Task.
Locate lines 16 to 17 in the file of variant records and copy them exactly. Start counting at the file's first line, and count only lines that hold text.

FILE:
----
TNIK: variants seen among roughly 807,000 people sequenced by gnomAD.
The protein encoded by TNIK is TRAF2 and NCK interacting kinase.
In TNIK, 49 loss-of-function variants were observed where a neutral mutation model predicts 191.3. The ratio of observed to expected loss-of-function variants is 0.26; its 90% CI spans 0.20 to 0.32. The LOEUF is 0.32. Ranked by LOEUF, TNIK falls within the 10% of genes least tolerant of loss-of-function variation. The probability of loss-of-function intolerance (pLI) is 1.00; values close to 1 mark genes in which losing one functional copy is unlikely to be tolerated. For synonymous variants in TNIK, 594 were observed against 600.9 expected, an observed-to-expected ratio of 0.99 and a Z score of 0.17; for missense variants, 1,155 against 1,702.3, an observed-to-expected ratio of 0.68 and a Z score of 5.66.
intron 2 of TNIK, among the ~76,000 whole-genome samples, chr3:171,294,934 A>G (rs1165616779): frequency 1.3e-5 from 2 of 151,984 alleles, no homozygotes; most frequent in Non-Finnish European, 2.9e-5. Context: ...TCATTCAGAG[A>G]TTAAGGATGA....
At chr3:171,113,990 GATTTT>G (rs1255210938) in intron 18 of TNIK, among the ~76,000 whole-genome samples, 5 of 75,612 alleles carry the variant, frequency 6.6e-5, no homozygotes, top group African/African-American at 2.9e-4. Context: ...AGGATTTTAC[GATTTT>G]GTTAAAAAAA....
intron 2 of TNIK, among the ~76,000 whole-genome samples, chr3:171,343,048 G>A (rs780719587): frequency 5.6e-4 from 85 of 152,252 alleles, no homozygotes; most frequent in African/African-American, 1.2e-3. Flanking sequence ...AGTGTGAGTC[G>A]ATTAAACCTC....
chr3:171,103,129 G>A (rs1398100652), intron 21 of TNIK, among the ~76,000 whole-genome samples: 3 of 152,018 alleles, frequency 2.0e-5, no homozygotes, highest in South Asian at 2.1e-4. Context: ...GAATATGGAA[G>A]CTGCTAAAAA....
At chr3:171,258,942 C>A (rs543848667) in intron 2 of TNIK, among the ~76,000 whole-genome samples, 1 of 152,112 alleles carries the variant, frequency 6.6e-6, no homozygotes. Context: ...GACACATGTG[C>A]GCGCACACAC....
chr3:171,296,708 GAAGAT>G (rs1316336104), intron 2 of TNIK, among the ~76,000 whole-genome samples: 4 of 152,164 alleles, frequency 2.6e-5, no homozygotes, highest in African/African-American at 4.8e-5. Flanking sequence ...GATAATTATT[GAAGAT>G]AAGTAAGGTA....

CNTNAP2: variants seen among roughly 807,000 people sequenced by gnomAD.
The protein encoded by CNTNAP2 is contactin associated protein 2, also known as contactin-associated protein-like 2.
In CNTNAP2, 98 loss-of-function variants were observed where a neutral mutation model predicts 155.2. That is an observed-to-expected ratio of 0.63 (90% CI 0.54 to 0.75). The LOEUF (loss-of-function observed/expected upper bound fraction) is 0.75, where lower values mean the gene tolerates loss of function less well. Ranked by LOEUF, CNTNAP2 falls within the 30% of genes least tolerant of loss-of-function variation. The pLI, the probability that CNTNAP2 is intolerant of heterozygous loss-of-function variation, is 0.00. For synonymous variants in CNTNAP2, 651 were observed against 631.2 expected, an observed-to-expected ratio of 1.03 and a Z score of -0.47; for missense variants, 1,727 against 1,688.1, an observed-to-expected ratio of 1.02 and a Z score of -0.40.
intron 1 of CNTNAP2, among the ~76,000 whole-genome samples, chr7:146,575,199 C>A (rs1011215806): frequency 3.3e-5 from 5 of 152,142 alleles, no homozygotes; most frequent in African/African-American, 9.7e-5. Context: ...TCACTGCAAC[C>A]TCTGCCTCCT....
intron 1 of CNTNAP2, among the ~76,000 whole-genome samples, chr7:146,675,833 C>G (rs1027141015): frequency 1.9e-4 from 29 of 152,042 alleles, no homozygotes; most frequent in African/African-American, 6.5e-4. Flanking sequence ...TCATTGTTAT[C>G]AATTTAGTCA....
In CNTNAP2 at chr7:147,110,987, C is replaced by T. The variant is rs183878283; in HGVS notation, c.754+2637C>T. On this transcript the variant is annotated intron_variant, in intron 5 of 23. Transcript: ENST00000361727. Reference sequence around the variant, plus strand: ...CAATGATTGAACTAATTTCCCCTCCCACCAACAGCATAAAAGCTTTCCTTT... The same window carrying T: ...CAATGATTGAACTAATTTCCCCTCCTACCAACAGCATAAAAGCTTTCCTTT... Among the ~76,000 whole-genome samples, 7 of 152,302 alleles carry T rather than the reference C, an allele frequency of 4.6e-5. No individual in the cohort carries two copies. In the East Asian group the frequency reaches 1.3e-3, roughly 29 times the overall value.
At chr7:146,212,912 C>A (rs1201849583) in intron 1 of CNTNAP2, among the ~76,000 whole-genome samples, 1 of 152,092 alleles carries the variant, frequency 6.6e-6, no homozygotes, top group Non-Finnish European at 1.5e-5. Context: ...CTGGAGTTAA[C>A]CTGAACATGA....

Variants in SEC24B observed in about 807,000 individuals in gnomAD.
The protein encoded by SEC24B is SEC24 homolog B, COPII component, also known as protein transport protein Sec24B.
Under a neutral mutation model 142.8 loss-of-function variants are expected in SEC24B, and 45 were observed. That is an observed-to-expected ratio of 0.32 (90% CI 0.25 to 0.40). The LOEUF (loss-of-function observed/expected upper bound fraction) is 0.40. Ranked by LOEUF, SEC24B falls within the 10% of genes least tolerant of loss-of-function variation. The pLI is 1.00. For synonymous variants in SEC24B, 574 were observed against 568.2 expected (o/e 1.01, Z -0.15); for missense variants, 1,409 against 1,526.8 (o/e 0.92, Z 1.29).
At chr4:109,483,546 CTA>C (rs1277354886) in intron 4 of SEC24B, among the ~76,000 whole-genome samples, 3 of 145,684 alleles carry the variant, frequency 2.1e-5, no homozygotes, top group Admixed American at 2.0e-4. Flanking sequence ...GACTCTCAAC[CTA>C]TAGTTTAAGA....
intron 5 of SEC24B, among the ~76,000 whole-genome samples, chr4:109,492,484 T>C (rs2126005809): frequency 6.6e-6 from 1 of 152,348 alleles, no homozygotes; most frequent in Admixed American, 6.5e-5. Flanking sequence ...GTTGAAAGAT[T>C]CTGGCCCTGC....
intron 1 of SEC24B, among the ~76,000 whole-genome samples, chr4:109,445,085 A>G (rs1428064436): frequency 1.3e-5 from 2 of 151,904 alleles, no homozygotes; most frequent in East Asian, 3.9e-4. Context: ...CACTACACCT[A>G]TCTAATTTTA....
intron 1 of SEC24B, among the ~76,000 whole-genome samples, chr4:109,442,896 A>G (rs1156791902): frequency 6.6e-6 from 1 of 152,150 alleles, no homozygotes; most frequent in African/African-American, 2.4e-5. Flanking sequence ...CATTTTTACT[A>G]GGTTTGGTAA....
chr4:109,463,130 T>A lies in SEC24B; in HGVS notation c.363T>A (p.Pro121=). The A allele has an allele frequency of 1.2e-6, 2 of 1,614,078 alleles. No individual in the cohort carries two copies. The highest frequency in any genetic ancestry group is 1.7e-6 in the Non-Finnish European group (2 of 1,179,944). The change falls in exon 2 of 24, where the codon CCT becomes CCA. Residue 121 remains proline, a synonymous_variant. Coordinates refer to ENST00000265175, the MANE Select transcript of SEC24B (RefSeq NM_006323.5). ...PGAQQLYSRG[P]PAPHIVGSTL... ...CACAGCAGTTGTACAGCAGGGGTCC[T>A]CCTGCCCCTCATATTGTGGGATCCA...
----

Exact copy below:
At chr7:146,212,912 C>A (rs1201849583) in intron 1 of CNTNAP2, among the ~76,000 whole-genome samples, 1 of 152,092 alleles carries the variant, frequency 6.6e-6, no homozygotes, top group Non-Finnish European at 1.5e-5. Context: ...CTGGAGTTAA[C>A]CTGAACATGA....

Variants in SEC24B observed in about 807,000 individuals in gnomAD.